The Psalms for a New Day website has just been redesigned and the website has moved to a new location. The page you are looking for has moved. Try the link below:
Looking for content on a specific topic?

Psalm 120

No safe place, but in God

As long as we’ve had them, our tongues, pens, and keyboards(!) have been our greatest asset and liability, both. They can set the world on fire. This psalm prays for rescue from the tongue’s incendiary powers.

A song of ascents.

I cried out to Yahveh in desperation
and he answered me.
2 Deliver me, Yahveh
from lips that lie
and tongues that twist!

3 You brazen deceivers
can’t you see what God will reward you with
and what perks he’ll throw in?
4 A hailstorm of arrows
with red-hot coals attached, that’s what!

5 How wretched to be an alien
stuck out here in the wilds of Meshek
with Kedar’s warlords on every hand!
6 I’ve lived way too long
among people who have no use for peace.
7 I’m all for peace
but whenever I say so
they’re bent on war.

This psalm begins a series of fifteen psalms pilgrims sang going up to Jerusalem to attend one of Israel’s annual feasts. Recounting her past deliverance, the psalmist seeks God’s help in her current crisis. Isolated, threatened, vulnerable, she pictures herself an alien in a hostile land, surrounded by warring tribes.

The psalmist may be attacked by gossips so intent on power that the hostility and insecurity they engender risk destroying the group. Alternatively, deception may be so endemic it’s destroying her culture’s social cohesion. This is increasingly true worldwide, thanks to our social media moguls and their politician-enablers, who selfishly enable their unprecedented power of connection to divide us as never before. Whoever she has in mind, they’re so addicted to wealth or power that they knowingly spread lies and chaos.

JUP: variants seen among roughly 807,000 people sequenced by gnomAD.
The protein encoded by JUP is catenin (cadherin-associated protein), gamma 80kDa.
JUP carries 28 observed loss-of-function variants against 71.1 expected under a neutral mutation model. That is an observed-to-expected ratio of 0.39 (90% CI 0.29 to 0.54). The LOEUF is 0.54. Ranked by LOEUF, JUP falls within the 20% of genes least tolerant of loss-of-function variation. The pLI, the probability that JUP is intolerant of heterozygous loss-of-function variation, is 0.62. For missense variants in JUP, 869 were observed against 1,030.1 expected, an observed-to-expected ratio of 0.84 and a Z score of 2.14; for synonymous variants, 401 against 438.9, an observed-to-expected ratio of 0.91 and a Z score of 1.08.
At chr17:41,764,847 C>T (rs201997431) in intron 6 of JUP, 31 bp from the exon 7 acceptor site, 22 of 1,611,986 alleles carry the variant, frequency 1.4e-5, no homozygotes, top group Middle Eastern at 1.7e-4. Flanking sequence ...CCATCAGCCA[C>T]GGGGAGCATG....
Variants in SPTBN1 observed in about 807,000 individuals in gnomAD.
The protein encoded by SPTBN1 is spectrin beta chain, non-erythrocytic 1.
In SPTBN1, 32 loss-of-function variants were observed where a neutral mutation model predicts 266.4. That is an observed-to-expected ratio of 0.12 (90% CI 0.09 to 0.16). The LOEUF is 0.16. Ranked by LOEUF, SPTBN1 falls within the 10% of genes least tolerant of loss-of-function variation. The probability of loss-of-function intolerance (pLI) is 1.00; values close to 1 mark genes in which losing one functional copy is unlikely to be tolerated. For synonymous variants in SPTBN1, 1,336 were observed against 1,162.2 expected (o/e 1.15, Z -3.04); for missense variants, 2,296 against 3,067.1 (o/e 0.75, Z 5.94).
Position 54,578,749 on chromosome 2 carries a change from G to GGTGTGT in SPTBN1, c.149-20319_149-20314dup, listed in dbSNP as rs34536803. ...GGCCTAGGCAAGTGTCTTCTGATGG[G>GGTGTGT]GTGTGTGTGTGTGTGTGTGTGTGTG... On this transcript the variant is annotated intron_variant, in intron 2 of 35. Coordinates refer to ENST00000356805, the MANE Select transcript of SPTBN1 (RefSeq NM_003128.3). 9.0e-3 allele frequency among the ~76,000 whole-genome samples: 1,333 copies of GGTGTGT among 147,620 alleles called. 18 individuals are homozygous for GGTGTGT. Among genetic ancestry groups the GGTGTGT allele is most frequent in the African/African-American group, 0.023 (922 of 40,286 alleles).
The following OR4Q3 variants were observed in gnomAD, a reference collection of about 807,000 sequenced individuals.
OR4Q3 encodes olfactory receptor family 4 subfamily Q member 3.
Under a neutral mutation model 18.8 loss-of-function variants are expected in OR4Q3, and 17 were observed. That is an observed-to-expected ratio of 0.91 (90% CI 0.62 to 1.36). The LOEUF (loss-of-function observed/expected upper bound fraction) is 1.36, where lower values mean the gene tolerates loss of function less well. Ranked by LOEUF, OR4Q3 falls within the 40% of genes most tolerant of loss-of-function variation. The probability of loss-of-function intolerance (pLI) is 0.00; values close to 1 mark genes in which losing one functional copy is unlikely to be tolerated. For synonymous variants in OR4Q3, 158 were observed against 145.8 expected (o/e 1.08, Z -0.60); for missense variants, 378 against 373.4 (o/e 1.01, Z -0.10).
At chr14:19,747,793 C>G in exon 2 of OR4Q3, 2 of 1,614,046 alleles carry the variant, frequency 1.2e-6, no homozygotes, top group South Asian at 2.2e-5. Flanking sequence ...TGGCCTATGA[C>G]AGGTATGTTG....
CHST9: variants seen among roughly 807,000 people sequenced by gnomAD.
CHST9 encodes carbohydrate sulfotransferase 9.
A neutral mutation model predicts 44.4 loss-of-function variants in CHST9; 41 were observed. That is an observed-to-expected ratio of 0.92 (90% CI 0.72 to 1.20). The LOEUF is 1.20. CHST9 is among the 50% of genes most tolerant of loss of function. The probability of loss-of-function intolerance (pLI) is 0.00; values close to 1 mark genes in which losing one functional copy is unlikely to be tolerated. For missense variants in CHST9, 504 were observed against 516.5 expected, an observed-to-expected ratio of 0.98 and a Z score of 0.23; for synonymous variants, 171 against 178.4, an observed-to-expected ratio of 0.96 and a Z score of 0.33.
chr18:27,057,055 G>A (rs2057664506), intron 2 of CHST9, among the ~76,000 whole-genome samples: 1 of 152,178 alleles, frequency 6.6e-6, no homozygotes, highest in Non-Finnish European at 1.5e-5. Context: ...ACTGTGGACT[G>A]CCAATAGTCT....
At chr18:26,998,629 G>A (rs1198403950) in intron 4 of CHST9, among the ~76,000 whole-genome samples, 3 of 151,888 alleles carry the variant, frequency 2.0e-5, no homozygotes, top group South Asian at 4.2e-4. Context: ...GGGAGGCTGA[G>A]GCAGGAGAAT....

Such narcissists think they need only outswim the other sharks in the tank. But the psalmist says peddling distortion pits them against God, who will make sure everything their distortions bring them goes up in flames. Bartering the at-one-ness that fosters wholeness and hope in both individuals and societies ultimately robs us of everything. Either we sacrifice truth and whatever else gets in the way of our personal fiefdom—to our own undoing—or we prioritize peace and invest in what truly lasts.

Nothing has changed since the psalmist’s day, Lord, with families and whole societies often torn to shreds by vicious tongues. Deliver me from such evil! Give me words of peace and harmony to combat words of hate and aggression. Help me live as if you’re in control—for you are! Amen.

In your free moments today, pray these words:

Deliver me, Yahveh
from lips that lie and tongues that twist!

Why Yahveh?

Every translator of the Psalms must decide how to handle God’s personal name, YHWH, which occurs repeatedly in its Hebrew text. Translators of the King James Version usually translated it “LORD” (all caps) and occasionally transliterated it (badly) as “Jehovah.” Modern translations, likewise, either translate or transliterate it. While translating it aims to make it more accessible to readers, transliterating it is more faithful to the text since it’s not a word at all, but rather God’s uniquely personal name. I’ve chosen to transliterate it to root it more firmly in the biblical story as the name—meaning the “self-existent One”—that God revealed to Moses on Mount Sinai. This name set Israel’s God apart from all the gods of Israel’s neighbors.

Personal names are, well, very personal. Even the sound of a name can evoke strong emotion. One problem with YHWH is that we aren’t sure how it was pronounced since Jews long ago stopped saying it in order better to hallow it. In transliterating it, I follow the advice of my esteemed Hebrew professor, Raymond Dillard. He advocated transliterating it as Yahveh—pronounced yah·vay—arguing that following the modern Hebrew pronunciation of its third consonant makes the name sound more robustly Jewish than Yahweh.
May these psalms be a light to you in dark times. You can read more of Mark Robert Anderson's writings on Christianity, culture, and inter-faith dialogue at Understanding Christianity Today.